One of my relatives recently picked up a copy of the Old Farmer’s Almanac. So, I asked what was inside. He said that one of the things inside the book was predictions about how warm or cold the next season would be, which is useful for farmers. I was skeptical, and thought “that sounds like something that can be tested mathematically”. Were their predictions any better than chance?
Some predicted values were very close to their actual values, but others were off in a major way. Adding up the numbers, the gap between their predicted value and the actual value was an average of 1.92 degrees.
For comparison, if you predicted nothing at all (i.e. zero temperature variation from normal), your prediction would be off by an average of 1.99 degrees. If you made predictions using random numbers between -2.0 and +2.0, you’d be off by an average of 2.12 degrees. Since their predicted values were between -2.0 and +2.0 in 15 out of 16 cases, this is probably a good comparison to random. So, the Farmer’s Almanac did slightly better than random, but not by much. When thousands of random predictions were generated between -2.0 and +2.0, the Farmer’s Almanac scored in the 78th percentile. This is the equivalent of correctly guessing 6 out of 10 coin flips, or having 2 or 3 of the 16 predictions being exactly correct, while the other 13 or 14 predictions being completely random.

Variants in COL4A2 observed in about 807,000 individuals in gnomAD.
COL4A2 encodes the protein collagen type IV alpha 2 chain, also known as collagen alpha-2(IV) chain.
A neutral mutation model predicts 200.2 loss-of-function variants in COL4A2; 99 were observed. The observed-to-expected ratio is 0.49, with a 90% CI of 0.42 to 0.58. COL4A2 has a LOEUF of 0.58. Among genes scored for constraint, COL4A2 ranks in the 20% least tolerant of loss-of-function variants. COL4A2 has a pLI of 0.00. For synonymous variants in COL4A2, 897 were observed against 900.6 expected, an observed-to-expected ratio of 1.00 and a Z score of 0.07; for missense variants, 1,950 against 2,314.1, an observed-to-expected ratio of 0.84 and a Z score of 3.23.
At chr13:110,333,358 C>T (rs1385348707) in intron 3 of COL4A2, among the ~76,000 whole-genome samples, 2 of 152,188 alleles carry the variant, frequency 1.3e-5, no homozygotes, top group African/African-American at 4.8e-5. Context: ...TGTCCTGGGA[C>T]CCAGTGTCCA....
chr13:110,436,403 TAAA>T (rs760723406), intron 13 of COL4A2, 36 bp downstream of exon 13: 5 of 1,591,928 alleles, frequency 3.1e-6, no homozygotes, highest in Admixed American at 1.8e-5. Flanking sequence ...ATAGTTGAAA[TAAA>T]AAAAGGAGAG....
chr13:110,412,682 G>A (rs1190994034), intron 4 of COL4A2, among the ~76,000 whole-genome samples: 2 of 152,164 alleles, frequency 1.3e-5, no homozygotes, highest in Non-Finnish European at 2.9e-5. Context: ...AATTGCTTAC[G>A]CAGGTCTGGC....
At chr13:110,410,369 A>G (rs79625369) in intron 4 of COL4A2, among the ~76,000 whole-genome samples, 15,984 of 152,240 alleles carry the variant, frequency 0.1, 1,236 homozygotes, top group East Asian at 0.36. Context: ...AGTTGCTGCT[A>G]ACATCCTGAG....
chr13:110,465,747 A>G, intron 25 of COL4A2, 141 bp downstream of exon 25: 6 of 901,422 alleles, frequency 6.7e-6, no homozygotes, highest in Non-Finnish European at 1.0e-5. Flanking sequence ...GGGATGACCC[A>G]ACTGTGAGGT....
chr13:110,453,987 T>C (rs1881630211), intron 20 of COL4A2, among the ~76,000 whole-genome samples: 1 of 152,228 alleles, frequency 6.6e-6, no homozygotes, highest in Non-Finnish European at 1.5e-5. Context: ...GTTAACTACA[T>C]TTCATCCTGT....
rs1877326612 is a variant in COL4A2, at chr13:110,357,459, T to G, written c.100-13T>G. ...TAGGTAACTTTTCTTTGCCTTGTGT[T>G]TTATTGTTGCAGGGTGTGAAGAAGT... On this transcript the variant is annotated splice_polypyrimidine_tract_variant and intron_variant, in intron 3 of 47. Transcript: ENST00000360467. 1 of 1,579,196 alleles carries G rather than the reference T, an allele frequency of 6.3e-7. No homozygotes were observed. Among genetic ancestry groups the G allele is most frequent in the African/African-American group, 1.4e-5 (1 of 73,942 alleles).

Based on this, I’d say that either the Farmer’s Almanac predictions were no better than random but they had a good year (something that could be double-checked by looking at predictions in other years), or maybe they have some slight indication of the upcoming season (for example, if there’s a slight tendency for a warm summer to follow a cold winter).